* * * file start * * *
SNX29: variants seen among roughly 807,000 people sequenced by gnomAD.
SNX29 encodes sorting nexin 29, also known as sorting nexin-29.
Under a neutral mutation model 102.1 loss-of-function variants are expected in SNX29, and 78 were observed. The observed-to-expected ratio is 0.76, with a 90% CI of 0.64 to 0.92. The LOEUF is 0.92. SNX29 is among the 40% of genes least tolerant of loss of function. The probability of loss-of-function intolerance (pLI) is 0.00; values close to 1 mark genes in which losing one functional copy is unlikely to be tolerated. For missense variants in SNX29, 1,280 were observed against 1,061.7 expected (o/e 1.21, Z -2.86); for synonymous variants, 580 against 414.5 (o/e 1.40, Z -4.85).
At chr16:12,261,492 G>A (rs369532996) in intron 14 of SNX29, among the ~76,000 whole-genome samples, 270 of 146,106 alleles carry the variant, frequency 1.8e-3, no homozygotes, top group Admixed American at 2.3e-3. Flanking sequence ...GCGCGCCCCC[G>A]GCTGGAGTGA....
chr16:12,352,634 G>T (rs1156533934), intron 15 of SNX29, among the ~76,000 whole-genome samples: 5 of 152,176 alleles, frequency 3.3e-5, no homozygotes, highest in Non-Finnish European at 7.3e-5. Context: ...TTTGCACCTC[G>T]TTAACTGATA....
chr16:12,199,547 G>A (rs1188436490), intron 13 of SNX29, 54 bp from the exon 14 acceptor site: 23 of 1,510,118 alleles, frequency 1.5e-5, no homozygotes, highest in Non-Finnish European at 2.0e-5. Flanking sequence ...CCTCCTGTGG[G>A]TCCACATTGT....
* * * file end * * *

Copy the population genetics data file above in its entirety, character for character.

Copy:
SNX29: variants seen among roughly 807,000 people sequenced by gnomAD.
SNX29 encodes sorting nexin 29, also known as sorting nexin-29.
Under a neutral mutation model 102.1 loss-of-function variants are expected in SNX29, and 78 were observed. The observed-to-expected ratio is 0.76, with a 90% CI of 0.64 to 0.92. The LOEUF is 0.92. SNX29 is among the 40% of genes least tolerant of loss of function. The probability of loss-of-function intolerance (pLI) is 0.00; values close to 1 mark genes in which losing one functional copy is unlikely to be tolerated. For missense variants in SNX29, 1,280 were observed against 1,061.7 expected (o/e 1.21, Z -2.86); for synonymous variants, 580 against 414.5 (o/e 1.40, Z -4.85).
At chr16:12,261,492 G>A (rs369532996) in intron 14 of SNX29, among the ~76,000 whole-genome samples, 270 of 146,106 alleles carry the variant, frequency 1.8e-3, no homozygotes, top group Admixed American at 2.3e-3. Flanking sequence ...GCGCGCCCCC[G>A]GCTGGAGTGA....
chr16:12,352,634 G>T (rs1156533934), intron 15 of SNX29, among the ~76,000 whole-genome samples: 5 of 152,176 alleles, frequency 3.3e-5, no homozygotes, highest in Non-Finnish European at 7.3e-5. Context: ...TTTGCACCTC[G>T]TTAACTGATA....
chr16:12,199,547 G>A (rs1188436490), intron 13 of SNX29, 54 bp from the exon 14 acceptor site: 23 of 1,510,118 alleles, frequency 1.5e-5, no homozygotes, highest in Non-Finnish European at 2.0e-5. Flanking sequence ...CCTCCTGTGG[G>A]TCCACATTGT....